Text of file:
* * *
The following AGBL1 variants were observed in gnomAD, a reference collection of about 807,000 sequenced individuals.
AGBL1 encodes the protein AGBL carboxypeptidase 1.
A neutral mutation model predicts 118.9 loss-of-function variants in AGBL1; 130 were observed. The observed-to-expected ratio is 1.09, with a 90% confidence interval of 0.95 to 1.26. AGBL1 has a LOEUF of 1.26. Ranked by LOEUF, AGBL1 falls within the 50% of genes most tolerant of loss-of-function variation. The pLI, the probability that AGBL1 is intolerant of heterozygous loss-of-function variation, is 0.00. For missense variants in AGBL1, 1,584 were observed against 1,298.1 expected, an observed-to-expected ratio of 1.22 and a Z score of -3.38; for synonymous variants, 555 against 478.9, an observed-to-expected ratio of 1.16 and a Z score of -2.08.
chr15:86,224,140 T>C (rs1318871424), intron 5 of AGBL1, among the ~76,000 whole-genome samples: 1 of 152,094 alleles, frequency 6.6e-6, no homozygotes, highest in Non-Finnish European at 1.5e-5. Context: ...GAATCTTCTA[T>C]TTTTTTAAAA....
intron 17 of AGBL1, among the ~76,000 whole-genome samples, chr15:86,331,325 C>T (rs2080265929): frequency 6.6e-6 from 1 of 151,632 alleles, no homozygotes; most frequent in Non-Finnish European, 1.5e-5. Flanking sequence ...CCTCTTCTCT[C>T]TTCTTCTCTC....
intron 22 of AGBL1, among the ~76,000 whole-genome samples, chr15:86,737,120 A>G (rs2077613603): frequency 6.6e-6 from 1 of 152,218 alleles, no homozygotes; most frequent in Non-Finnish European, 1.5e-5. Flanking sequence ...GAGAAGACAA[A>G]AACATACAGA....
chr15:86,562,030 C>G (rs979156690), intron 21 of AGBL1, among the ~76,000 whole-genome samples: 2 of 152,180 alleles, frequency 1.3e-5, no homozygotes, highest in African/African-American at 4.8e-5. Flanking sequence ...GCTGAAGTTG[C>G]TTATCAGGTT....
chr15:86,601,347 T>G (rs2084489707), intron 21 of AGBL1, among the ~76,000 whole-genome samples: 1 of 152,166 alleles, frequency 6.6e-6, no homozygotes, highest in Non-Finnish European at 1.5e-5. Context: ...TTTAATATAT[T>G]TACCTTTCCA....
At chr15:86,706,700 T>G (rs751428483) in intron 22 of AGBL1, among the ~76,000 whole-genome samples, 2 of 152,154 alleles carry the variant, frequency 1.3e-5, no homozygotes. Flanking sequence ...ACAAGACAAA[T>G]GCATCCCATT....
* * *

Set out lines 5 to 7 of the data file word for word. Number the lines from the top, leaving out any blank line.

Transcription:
intron 17 of AGBL1, among the ~76,000 whole-genome samples, chr15:86,331,325 C>T (rs2080265929): frequency 6.6e-6 from 1 of 151,632 alleles, no homozygotes; most frequent in Non-Finnish European, 1.5e-5. Flanking sequence ...CCTCTTCTCT[C>T]TTCTTCTCTC....
intron 22 of AGBL1, among the ~76,000 whole-genome samples, chr15:86,737,120 A>G (rs2077613603): frequency 6.6e-6 from 1 of 152,218 alleles, no homozygotes; most frequent in Non-Finnish European, 1.5e-5. Flanking sequence ...GAGAAGACAA[A>G]AACATACAGA....
chr15:86,562,030 C>G (rs979156690), intron 21 of AGBL1, among the ~76,000 whole-genome samples: 2 of 152,180 alleles, frequency 1.3e-5, no homozygotes, highest in African/African-American at 4.8e-5. Flanking sequence ...GCTGAAGTTG[C>G]TTATCAGGTT....